Nov 22 2010
They say the key to finding a job is networking. Or as the adage goes, “It’s not what you know, but who you know.” This makes the idealist in me cringe a bit. I’d like jobs to be won strictly on talent, not favoritism. Why not match two resumes up against each other and take the one that’s most qualified? As we all know it just doesn’t work that way. Hiring managers give much preference to those that are pulled from the employees’ network of contacts. I once met someone who was lamenting that he couldn’t find a job because he didn’t have any contacts. The thought never crossed his mind that he might apply through a regular job board.
The concept behind networking is that employees are likely to promote their most qualified contacts. They’ll also most likely recommend those that will fit in with the corporate atmosphere. To be sure liking your coworkers is important. Regardless of how you feel about it, networking is an important part of finding a job.
How to network has always been the question. One friend I know learned that their early morning basketball buddy was a bigwig for 24 hour fitness. He soon found himself as a manager for a gym. The guy gets paid to workout now! Others attend trade conferences and pass out business cards. In the online world LinkedIn has long been a staple social network for professionals. It has its pros and cons, but doesn’t offer any out of the ordinary networking options. Now there’s a new way to network online for the career minded. Brazen Careerist is a social network set up for the sole purpose professional networking.
Brazen Careerist offers multiple ways to connect with other professionals. Most interesting is their network roulette tool. It works as the name implies in that you provide some introductory information and enter a chat room with a random professional contact. You’re given 3 minutes to chat during which time you can decide whether to connect with that person or not. It makes for a great way to start interacting with others online. For the less adventurous there are planned events that you can join. These are scheduled at set times, typically in the evening and everyone can log in and start chatting.
My first network roulette chat was a bit underwhelming. I was connected with Mary who hails from Germany. “Hello Mary, how are you?” said I. Mary’s response was nothing but shear panic. She freaked out, ran out of the room screaming about some jerk trying to send her strange pictures. (Network roulette is just a chat tool. It doesn’t display or exchange pictures except an exceptionally dapper profile pic). In this case, Mary has a case of the ‘internets‘ and has been slimed by one too many anonymous internet persons. Over time I expect that people will become conditioned to treat network roulette as a professional social network and put on their best behavior. Ignoring intros will hopefully become a thing of the past. Maybe changing my profile pic to something less intimidating might help as well.*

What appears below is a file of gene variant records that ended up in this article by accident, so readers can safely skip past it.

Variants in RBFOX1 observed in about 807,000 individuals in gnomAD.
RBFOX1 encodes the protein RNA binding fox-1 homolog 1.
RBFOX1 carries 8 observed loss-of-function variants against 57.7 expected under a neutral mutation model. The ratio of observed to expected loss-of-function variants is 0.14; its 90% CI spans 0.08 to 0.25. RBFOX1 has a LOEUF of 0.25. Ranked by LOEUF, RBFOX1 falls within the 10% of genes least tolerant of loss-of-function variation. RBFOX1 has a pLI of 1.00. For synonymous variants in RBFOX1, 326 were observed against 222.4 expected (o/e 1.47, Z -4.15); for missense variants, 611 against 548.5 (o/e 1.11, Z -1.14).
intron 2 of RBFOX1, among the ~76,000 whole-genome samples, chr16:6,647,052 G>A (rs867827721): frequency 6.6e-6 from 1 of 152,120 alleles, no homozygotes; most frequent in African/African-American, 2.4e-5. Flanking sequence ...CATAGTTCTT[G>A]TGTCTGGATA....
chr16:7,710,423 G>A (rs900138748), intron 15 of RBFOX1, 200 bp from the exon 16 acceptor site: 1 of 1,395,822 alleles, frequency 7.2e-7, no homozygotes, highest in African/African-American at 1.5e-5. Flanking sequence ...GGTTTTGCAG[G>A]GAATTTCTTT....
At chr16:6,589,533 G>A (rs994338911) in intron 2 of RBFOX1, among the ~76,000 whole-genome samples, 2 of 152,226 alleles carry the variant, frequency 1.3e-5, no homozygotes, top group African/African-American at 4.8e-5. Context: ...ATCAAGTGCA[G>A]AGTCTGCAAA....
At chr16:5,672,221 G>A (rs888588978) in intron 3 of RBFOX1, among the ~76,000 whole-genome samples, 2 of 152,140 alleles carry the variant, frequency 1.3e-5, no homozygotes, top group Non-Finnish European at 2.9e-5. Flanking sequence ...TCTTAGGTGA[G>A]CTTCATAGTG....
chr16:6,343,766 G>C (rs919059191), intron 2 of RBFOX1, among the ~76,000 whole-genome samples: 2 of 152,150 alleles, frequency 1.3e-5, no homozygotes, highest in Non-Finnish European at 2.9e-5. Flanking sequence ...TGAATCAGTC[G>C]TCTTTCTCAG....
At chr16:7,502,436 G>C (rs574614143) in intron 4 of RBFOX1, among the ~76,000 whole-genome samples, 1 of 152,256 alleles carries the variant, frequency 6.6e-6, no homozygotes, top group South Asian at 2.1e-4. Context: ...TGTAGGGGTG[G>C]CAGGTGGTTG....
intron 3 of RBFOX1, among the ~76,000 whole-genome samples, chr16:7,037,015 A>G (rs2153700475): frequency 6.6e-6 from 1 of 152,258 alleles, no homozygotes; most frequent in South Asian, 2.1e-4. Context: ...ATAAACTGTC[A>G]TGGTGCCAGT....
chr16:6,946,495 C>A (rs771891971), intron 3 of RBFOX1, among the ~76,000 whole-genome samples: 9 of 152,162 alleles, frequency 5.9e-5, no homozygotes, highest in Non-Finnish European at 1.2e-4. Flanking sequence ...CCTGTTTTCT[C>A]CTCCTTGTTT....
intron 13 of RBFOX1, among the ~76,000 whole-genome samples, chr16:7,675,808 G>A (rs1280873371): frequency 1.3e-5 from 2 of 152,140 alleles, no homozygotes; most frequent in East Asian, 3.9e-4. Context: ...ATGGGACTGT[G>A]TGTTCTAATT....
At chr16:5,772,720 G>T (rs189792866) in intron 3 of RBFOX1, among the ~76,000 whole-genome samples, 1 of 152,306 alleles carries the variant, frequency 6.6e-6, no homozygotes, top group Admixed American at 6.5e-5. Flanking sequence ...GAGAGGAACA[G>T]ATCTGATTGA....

BrazenCareerist offers much more. Discussion boards where you can exchange notes on anything career related. Here we find poor Alicia wondering if it’s okay to reapply for a position you’ve already interviewed for. (You’re not getting the job Alicia). A messaging system to interact with users. (Here I can explain the situation in full to my friend Mary). Group creation. Featured companies. A profile. A social resume. And the ever popular job board. Of course, the ultimate goal is to help people progress their careers.
Finding a job can be tough these days. Networking online is an efficient way to expand one’s circle of contacts. For the brazen optimist and with a little bit of network roulette luck, you may meet some people to help along the way.
* It’s entirely possible that my new friend simply didn’t speak English.